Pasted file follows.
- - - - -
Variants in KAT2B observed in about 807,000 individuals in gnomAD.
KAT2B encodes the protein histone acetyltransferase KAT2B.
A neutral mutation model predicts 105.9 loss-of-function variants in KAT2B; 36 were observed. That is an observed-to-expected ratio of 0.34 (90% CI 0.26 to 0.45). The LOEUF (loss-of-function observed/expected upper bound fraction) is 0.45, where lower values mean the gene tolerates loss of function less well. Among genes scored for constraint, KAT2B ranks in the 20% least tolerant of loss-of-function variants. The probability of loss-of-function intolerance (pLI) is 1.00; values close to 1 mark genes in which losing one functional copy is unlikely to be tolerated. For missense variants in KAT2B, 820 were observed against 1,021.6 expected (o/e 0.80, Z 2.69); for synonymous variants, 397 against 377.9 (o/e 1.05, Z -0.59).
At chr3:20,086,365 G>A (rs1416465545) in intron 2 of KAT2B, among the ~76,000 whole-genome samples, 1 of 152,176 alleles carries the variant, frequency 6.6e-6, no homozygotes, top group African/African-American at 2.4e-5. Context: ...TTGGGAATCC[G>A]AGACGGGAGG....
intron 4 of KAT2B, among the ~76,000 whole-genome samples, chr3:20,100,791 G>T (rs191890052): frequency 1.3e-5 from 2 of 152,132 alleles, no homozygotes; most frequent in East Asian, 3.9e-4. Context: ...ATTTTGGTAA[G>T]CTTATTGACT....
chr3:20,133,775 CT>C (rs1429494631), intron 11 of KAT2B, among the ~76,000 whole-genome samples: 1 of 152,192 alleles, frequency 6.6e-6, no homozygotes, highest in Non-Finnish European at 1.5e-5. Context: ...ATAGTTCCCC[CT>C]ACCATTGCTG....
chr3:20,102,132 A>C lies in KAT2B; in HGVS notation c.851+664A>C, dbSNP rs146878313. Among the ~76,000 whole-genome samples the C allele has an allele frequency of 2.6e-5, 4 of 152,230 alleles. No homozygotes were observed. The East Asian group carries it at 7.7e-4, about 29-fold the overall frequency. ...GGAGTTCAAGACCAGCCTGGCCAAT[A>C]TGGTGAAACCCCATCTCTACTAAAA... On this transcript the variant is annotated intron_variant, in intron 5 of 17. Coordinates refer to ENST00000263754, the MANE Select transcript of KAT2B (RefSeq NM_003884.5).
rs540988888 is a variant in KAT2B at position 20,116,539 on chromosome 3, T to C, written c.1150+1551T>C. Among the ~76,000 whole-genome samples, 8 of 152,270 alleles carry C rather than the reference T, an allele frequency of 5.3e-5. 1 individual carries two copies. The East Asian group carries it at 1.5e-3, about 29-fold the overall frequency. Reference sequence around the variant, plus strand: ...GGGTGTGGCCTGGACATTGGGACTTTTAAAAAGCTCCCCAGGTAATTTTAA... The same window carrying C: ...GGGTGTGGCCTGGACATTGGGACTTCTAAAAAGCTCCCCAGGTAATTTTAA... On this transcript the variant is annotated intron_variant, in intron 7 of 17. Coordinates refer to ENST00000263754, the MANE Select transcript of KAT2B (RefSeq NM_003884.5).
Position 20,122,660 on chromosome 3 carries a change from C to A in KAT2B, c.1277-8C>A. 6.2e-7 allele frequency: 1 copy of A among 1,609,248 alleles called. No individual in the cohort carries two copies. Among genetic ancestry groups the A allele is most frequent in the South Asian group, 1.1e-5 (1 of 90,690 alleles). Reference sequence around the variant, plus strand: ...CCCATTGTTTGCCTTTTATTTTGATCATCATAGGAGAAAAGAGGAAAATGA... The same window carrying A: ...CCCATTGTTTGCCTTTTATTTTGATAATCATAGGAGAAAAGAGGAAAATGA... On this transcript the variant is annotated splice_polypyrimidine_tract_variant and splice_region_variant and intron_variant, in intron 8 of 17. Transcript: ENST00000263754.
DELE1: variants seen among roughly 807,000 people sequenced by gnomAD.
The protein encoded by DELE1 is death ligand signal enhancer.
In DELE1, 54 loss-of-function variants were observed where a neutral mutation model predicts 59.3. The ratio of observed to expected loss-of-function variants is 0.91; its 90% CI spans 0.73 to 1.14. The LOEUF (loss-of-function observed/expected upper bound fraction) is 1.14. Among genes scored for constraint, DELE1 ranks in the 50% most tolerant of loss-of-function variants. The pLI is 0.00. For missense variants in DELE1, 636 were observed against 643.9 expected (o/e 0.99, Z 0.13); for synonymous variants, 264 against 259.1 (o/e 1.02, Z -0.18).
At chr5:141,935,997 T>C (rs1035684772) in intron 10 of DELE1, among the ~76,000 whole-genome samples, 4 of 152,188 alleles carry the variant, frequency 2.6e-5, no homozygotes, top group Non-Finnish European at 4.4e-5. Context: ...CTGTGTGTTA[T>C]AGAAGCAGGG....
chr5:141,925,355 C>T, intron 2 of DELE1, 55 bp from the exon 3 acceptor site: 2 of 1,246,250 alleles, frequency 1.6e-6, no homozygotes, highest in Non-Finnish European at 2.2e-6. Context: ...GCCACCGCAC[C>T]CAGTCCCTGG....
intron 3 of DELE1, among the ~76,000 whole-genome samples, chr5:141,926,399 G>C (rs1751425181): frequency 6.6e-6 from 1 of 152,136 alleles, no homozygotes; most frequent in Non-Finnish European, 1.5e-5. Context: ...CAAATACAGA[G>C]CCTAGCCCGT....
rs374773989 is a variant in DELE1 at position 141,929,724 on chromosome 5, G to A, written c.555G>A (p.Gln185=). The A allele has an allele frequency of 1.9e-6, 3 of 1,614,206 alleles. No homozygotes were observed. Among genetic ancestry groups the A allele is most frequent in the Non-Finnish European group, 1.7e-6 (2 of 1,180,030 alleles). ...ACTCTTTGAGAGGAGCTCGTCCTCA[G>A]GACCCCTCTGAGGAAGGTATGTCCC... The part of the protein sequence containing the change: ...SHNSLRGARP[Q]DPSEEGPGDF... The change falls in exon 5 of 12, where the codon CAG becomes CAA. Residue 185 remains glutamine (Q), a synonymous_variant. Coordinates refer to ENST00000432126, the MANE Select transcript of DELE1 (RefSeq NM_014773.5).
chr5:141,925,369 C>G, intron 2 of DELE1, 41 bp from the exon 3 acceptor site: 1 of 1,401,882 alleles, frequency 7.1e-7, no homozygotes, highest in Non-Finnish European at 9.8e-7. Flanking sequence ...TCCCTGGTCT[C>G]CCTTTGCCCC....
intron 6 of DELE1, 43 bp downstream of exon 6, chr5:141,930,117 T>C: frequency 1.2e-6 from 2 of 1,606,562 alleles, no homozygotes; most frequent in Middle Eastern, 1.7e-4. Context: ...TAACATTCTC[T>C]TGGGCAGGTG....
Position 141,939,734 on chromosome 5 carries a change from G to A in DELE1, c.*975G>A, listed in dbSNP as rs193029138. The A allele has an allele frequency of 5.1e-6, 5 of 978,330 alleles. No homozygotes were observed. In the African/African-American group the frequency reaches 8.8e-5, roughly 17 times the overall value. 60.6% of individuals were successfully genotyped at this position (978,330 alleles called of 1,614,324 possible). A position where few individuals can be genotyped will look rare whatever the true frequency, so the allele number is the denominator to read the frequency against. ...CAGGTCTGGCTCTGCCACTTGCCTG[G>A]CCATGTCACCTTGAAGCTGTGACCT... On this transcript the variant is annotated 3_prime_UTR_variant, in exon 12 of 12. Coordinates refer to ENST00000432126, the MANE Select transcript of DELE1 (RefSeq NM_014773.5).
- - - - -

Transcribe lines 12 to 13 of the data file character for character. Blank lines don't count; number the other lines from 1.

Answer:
In DELE1, 54 loss-of-function variants were observed where a neutral mutation model predicts 59.3. The ratio of observed to expected loss-of-function variants is 0.91; its 90% CI spans 0.73 to 1.14. The LOEUF (loss-of-function observed/expected upper bound fraction) is 1.14. Among genes scored for constraint, DELE1 ranks in the 50% most tolerant of loss-of-function variants. The pLI is 0.00. For missense variants in DELE1, 636 were observed against 643.9 expected (o/e 0.99, Z 0.13); for synonymous variants, 264 against 259.1 (o/e 1.02, Z -0.18).
At chr5:141,935,997 T>C (rs1035684772) in intron 10 of DELE1, among the ~76,000 whole-genome samples, 4 of 152,188 alleles carry the variant, frequency 2.6e-5, no homozygotes, top group Non-Finnish European at 4.4e-5. Context: ...CTGTGTGTTA[T>C]AGAAGCAGGG....